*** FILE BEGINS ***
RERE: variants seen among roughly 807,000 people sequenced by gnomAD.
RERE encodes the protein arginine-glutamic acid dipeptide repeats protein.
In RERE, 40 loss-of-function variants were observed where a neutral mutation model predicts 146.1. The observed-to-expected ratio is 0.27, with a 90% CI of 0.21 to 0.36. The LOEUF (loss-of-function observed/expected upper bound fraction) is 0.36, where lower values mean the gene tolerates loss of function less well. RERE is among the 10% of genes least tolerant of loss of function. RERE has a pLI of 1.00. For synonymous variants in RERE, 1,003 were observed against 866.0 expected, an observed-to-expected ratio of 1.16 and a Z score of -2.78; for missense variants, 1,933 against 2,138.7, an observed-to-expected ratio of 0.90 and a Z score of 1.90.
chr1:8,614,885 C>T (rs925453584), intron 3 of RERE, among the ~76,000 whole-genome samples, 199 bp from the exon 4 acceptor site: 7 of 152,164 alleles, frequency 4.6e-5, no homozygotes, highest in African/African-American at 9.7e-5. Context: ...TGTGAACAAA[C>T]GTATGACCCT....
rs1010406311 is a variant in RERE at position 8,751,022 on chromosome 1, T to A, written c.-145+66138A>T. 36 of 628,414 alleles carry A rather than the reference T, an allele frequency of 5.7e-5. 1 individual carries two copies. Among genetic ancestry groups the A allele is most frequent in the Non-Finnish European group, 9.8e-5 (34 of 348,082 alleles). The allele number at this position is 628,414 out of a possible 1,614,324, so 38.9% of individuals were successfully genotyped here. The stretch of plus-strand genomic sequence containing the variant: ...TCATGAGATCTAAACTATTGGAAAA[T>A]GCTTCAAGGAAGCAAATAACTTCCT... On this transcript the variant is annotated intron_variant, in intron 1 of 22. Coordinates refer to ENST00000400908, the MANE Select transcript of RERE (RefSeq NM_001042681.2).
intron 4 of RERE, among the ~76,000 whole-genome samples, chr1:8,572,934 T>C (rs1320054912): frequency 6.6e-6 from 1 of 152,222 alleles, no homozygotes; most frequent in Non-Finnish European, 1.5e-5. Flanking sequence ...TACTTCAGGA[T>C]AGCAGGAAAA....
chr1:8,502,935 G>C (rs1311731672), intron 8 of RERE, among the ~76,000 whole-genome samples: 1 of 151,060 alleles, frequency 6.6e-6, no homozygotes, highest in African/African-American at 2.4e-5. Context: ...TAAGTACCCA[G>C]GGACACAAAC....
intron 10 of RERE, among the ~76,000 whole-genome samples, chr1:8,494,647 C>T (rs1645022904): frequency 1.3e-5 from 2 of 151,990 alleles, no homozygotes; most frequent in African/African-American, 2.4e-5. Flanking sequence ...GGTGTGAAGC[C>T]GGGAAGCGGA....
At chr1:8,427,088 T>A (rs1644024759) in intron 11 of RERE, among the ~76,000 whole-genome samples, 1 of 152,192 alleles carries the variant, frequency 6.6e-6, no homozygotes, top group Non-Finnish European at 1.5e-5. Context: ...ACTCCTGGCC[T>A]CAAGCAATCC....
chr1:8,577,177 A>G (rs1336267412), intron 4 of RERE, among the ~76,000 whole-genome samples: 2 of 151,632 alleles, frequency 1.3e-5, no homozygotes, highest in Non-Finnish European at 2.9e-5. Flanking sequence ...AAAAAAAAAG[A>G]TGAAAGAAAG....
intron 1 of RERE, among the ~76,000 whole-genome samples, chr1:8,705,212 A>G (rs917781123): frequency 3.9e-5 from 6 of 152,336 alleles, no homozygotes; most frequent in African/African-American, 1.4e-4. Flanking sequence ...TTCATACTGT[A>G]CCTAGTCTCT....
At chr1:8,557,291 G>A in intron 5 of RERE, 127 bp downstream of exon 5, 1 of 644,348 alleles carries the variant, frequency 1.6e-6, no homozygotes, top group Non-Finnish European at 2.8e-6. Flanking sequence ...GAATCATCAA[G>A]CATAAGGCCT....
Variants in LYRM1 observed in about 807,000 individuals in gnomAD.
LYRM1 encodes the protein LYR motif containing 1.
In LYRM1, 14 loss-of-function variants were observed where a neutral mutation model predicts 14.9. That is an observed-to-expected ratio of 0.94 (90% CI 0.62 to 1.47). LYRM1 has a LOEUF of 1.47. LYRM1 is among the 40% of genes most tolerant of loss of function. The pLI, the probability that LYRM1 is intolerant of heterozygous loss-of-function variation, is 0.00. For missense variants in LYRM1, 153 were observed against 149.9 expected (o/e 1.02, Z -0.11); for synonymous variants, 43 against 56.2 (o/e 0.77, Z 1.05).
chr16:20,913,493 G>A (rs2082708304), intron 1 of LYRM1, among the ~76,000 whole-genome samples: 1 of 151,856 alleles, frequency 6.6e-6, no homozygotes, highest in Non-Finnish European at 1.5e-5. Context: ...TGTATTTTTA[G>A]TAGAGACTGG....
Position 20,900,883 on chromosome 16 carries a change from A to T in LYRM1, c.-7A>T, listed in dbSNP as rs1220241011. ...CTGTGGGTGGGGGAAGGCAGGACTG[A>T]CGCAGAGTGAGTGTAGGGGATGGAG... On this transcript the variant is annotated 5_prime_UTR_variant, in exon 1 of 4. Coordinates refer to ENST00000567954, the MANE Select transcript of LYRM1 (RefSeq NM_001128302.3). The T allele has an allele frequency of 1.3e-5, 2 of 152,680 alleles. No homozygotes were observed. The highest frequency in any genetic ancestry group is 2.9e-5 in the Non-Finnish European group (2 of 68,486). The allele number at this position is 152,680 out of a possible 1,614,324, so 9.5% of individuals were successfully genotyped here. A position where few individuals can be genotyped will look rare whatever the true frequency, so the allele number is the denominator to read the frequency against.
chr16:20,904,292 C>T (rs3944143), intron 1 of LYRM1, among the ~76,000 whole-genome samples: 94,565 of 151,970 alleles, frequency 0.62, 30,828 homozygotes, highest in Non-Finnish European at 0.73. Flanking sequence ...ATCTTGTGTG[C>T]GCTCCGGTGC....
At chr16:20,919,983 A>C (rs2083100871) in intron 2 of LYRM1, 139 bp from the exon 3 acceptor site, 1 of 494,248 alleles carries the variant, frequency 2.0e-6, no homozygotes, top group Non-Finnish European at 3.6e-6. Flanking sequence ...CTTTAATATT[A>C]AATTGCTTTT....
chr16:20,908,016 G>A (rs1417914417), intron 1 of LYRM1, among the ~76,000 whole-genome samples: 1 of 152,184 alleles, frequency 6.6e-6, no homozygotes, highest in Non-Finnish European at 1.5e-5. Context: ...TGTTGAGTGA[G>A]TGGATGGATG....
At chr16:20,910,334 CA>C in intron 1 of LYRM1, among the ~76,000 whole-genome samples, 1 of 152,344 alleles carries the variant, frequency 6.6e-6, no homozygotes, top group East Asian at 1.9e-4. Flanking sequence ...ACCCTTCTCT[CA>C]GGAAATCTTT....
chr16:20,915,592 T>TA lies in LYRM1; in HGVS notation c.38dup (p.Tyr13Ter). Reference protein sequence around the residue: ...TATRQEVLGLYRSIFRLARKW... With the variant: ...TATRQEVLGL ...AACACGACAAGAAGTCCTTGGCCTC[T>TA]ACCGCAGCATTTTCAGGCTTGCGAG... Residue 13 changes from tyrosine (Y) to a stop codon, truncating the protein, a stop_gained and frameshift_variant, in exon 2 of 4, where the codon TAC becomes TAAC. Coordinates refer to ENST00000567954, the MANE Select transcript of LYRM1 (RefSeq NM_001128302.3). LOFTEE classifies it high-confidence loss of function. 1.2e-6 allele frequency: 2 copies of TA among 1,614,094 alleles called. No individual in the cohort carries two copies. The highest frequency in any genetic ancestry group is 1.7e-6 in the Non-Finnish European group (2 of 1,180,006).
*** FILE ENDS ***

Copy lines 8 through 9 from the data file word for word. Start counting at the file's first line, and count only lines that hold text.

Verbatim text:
intron 10 of RERE, among the ~76,000 whole-genome samples, chr1:8,494,647 C>T (rs1645022904): frequency 1.3e-5 from 2 of 151,990 alleles, no homozygotes; most frequent in African/African-American, 2.4e-5. Flanking sequence ...GGTGTGAAGC[C>T]GGGAAGCGGA....
At chr1:8,427,088 T>A (rs1644024759) in intron 11 of RERE, among the ~76,000 whole-genome samples, 1 of 152,192 alleles carries the variant, frequency 6.6e-6, no homozygotes, top group Non-Finnish European at 1.5e-5. Context: ...ACTCCTGGCC[T>A]CAAGCAATCC....